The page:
8. Thank you for sharing your story. You are very brave for doing so. It is comforting to read stories I relate to. I lost my daughter when she was 5 yrs old. I am lost, lonely, angry, jellous, and exhausted alot of days. I don’t feel fun to be around. Joy.. what is that? Our youngest daughter is what keeps my husband and I going. She is 4 yrs old now and misses her older sister. She is grieving and that is heartbreaking to watch her go through that. This sucks!

    1. This does suck!! My daughters are what keep my husband and I going as well. My oldest misses her brother (they were best friends). My youngest won’t remember him (she was 6-months old when it happened). That makes me incredibly sad. It is such unfair circumstances are forced to live with. Hugs!

  9. I agree with everything all of you have written! It does suck. I learned that life is short and anything can happen at anytime. Looking on the brighter side means nothing to me. My daughter will be gone 7 years soon and I am not happy all the time or fun to be with either. There is a huge part of me missing and I am ok with that. When I am down or grieving that is when I feel the closest to my daughter. I too looked for every website, fb page and book to be able to relate to others.

    1. It really can happen at anytime, to anyone! Like you, I will always feel closest to my son when I am down and grieving. It seems so strange, but it is so true. Hugs!

    2. Thank goodness someone doesn’t want me to be a better person because my son died that there has to be a greater good. because there isnt my son died and its the worst feeling in the world. I am bitter and resentful and I live in a world of could haves and would haves. I do know i will feel better and this feeling will lessen as i grieve but i cant bear the hope stories. I read stories so i know other people are grieving, as bad as it sounds it does help to know your not the only 1. thank you for being honest

      1. I believe honesty is so important in grief. People need to know they aren’t alone and what they are thinking/feeling isn’t crazy. This is your own journey so you get to choose how you do it. Hugs to you!

  10. Great point! We really do need to support each other and help all parents who lose a child no matter what the age of the child. We have 2 older boys and we lost our baby girl 3 months ago at 13 days old. The problem I have found at this point (being 3 months out), is that my support system of friends and some family have gone on with their lives and you are left to try and figure out who you are again…alone. Makes a person feel isolated. Trying to be strong for everyone in your life is hard enough. Support is very important!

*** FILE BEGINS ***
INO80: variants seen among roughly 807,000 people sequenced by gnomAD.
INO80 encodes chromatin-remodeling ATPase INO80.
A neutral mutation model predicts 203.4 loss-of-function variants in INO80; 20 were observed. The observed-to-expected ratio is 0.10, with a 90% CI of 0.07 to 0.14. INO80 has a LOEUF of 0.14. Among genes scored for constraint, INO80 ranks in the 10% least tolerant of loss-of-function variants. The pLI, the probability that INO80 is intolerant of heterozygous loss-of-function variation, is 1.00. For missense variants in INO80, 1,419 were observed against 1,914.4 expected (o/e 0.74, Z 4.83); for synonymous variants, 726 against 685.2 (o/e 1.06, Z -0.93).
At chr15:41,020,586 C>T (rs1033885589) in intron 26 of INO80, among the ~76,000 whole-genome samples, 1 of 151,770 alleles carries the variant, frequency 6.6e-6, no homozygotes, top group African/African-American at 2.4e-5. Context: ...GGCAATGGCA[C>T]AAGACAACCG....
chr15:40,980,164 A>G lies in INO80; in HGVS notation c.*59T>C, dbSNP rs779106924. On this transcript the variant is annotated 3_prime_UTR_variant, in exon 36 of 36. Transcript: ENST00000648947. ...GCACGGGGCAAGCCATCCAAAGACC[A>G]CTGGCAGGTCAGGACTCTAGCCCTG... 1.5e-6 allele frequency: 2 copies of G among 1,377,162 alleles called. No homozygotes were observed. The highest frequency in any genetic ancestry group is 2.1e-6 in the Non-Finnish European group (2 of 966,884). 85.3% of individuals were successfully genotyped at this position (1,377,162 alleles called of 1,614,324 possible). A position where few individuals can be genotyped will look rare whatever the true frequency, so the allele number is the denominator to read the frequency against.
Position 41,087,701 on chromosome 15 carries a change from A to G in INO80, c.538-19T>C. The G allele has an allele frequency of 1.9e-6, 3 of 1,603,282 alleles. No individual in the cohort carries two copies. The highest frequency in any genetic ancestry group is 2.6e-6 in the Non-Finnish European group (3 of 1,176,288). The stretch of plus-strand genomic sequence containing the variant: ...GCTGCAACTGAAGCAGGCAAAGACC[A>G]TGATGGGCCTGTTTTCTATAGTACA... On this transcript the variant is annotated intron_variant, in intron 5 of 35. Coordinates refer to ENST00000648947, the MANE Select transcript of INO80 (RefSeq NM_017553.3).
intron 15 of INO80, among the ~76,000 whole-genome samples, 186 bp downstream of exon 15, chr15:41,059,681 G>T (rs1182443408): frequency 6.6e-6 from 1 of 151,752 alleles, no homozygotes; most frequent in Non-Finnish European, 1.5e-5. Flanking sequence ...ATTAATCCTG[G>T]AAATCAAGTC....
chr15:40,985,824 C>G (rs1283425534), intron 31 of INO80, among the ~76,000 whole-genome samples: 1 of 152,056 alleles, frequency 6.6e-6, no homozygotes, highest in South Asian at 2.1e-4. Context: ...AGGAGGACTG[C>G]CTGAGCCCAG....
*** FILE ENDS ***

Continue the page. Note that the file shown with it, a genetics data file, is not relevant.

I think losing a child of any age is so hard. I have done a lot of reading and it seems parents who have a lost a baby, child, teen, or adult child have such a hard time. It is because of my older children that I see what I’m missing out on. I see who they are becoming and it’s not fair that I will never experience that with the child I lost. She was a part of our family. A missing piece. And I think dealing with your other children grieving is difficult too. My oldest son had to grieve. Hard enough when you don’t understand your own grief. Trying to explain to a 9 year old what happened and understand their grief is really awful. Just a horrible experience all around.

    1. Seeing your children grieve is so hard! We are in our 3rd year and I still don’t understand how to help my oldest daughter. It’s hard enough to try and figure out our own grief. As for your support system leaving, we felt that too. I get it, their lives go on and while they may remember and want to help their lives weren’t impacted the way ours were. That doesn’t change. I was lucky enough to have a couple of people that have really tried to understand and still insert themselves. However, I believe that support may be rare. Connecting online with other bereaved parents has helped me a lot! If for nothing else than to validate the things I think/feel/go through. Seek that out. I’m in the process of launching a Facebook group (literally brand new), if you’re interested in joining. I want to help provide a place for other bereaved parents to find those connections… help offer a different kind of grief support. One that focuses on connecting people that understand child loss and can support each other in how to live again. Grief and child loss is a horrible thing to have to live with. Sending lots of love as you navigate your loss. https://www.facebook.com/groups/livingafterchildloss/

  11. Thank you for your honesty. I thought I was the only one. So many other things I’d like to say but I’m too exhausted. I thanks those of you who can find the energy to type the words my heart feels. Love and prayers to everyone on this journey.

Leave a Reply

Your email address will not be published. Required fields are marked *